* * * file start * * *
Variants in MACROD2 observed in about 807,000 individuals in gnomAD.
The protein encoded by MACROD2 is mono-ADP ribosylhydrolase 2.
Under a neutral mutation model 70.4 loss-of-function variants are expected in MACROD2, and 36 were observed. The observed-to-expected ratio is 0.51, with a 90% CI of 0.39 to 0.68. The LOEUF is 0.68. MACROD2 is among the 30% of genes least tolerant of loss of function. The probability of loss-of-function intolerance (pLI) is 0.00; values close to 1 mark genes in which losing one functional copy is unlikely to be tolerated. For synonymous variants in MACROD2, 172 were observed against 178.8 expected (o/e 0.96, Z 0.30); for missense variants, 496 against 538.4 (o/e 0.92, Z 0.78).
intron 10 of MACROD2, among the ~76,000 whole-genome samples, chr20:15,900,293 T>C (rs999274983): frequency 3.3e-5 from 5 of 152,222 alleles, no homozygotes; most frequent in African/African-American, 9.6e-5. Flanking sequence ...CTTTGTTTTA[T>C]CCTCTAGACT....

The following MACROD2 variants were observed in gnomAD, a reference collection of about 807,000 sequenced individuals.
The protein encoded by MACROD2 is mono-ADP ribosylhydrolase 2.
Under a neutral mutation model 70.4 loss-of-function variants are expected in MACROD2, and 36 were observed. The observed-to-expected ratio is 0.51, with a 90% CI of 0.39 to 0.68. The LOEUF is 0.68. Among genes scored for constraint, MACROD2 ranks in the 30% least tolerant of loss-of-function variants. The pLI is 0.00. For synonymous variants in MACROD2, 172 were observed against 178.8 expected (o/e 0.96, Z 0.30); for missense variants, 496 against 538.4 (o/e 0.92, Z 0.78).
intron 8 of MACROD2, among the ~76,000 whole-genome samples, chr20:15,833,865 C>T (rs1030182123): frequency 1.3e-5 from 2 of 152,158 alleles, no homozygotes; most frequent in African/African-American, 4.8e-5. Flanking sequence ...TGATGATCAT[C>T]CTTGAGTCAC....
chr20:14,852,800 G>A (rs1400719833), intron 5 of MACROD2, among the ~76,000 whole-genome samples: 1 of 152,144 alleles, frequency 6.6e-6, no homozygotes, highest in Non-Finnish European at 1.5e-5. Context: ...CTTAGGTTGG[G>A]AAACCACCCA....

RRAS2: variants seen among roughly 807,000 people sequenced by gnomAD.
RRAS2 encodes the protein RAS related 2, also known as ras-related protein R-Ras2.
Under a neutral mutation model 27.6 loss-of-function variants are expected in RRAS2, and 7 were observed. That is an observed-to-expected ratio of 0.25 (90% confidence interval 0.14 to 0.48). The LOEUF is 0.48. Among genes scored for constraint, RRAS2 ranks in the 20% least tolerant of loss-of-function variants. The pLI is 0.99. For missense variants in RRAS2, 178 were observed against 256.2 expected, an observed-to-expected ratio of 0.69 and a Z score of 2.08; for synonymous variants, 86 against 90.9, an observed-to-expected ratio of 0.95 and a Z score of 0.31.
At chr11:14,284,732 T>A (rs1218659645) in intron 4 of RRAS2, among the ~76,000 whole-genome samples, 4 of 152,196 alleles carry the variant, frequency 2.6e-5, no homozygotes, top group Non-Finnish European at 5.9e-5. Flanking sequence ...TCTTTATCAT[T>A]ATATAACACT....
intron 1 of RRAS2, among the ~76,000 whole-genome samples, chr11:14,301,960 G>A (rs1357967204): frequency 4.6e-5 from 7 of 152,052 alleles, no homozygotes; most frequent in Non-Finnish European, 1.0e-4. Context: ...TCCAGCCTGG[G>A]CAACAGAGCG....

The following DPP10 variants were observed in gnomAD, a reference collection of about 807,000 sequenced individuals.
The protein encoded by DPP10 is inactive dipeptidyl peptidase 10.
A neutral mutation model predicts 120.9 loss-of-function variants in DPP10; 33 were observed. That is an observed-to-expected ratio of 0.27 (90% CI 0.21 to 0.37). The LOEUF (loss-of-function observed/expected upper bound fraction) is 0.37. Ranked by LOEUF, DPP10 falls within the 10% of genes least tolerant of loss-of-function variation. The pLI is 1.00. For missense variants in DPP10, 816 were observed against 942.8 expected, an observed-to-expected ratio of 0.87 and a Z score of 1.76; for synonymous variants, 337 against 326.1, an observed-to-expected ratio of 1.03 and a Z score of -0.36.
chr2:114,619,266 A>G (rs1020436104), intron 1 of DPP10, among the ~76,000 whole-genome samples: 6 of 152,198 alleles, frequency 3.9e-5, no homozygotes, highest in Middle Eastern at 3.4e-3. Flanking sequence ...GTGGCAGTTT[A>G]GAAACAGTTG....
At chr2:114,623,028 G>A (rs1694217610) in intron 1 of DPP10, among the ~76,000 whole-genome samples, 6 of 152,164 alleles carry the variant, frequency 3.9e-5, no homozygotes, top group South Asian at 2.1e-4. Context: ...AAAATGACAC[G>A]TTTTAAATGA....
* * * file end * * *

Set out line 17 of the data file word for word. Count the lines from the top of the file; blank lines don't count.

A neutral mutation model predicts 120.9 loss-of-function variants in DPP10; 33 were observed. That is an observed-to-expected ratio of 0.27 (90% CI 0.21 to 0.37). The LOEUF (loss-of-function observed/expected upper bound fraction) is 0.37. Ranked by LOEUF, DPP10 falls within the 10% of genes least tolerant of loss-of-function variation. The pLI is 1.00. For missense variants in DPP10, 816 were observed against 942.8 expected, an observed-to-expected ratio of 0.87 and a Z score of 1.76; for synonymous variants, 337 against 326.1, an observed-to-expected ratio of 1.03 and a Z score of -0.36.